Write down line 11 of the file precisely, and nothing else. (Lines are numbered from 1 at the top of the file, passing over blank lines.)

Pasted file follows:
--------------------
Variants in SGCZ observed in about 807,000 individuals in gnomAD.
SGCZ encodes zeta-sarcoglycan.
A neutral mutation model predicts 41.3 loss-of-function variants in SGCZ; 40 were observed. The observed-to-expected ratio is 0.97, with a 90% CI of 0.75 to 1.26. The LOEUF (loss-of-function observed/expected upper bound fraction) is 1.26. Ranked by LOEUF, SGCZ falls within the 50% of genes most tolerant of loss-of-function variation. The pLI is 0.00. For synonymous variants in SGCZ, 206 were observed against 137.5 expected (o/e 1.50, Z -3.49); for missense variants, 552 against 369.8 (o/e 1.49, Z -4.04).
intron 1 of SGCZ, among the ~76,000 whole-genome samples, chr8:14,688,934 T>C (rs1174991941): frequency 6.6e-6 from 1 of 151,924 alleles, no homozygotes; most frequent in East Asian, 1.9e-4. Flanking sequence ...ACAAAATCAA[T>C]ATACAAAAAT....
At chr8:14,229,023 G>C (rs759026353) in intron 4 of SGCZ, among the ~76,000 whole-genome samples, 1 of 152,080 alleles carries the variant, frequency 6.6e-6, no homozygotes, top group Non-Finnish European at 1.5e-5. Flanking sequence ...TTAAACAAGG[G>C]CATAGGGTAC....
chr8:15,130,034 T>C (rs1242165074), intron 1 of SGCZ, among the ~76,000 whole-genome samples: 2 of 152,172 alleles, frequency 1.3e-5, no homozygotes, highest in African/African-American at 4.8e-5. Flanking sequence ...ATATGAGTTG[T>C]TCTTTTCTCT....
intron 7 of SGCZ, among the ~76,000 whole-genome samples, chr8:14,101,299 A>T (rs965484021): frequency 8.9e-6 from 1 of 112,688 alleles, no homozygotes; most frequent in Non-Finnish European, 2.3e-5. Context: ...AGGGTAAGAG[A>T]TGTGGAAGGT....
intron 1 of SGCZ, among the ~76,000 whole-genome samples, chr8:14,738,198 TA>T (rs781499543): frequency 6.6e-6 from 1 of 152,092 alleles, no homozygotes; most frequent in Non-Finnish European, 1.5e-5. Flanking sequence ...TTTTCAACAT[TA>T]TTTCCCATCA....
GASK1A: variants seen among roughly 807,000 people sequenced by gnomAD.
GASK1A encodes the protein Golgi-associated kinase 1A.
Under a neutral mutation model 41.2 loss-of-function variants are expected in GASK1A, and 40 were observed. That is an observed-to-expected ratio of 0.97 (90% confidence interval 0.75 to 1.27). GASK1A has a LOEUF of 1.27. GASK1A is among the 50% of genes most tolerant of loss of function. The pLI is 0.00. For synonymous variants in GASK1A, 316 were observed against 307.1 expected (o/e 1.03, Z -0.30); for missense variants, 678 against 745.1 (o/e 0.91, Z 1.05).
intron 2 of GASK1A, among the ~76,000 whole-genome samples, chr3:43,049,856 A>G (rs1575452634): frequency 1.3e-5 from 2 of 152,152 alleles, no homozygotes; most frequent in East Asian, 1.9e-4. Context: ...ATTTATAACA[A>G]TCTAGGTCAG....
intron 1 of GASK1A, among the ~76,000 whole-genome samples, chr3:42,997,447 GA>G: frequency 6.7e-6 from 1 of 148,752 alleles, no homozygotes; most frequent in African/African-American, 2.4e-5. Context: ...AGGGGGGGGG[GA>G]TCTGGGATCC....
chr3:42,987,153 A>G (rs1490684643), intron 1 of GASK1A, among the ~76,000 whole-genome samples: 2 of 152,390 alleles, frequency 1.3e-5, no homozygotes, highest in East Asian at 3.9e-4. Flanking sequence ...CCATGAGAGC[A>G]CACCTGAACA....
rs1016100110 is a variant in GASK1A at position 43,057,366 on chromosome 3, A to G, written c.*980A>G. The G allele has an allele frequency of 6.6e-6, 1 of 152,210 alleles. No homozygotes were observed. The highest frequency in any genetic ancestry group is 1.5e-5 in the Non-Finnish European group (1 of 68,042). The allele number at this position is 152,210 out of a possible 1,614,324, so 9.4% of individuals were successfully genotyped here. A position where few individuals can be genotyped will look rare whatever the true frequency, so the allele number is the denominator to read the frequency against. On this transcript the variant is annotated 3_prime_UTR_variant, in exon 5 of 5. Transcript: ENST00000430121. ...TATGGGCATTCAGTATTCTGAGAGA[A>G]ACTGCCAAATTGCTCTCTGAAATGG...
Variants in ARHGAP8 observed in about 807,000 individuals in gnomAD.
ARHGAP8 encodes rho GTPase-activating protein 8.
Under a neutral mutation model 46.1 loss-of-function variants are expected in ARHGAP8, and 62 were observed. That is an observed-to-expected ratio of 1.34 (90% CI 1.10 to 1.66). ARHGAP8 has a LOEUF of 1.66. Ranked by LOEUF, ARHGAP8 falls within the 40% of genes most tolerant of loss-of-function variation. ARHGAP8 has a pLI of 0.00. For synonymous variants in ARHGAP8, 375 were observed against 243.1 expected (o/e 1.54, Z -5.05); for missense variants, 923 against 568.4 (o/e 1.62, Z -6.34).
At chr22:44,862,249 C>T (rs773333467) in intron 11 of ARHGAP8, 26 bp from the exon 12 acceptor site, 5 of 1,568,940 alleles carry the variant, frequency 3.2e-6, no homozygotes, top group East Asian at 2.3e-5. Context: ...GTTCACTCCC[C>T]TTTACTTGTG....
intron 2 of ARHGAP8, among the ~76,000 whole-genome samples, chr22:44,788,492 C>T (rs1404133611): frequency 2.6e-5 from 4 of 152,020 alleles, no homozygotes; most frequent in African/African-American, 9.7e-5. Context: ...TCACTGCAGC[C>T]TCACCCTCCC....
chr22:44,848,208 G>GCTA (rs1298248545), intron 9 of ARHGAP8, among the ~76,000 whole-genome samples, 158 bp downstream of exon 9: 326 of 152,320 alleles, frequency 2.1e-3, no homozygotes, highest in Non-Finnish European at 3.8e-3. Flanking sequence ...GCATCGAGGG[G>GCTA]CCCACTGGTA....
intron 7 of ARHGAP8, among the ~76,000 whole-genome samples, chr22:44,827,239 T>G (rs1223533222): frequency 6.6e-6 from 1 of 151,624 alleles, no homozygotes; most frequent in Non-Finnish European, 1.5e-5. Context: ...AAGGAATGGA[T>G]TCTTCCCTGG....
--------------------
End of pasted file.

Under a neutral mutation model 41.2 loss-of-function variants are expected in GASK1A, and 40 were observed. That is an observed-to-expected ratio of 0.97 (90% confidence interval 0.75 to 1.27). GASK1A has a LOEUF of 1.27. GASK1A is among the 50% of genes most tolerant of loss of function. The pLI is 0.00. For synonymous variants in GASK1A, 316 were observed against 307.1 expected (o/e 1.03, Z -0.30); for missense variants, 678 against 745.1 (o/e 0.91, Z 1.05).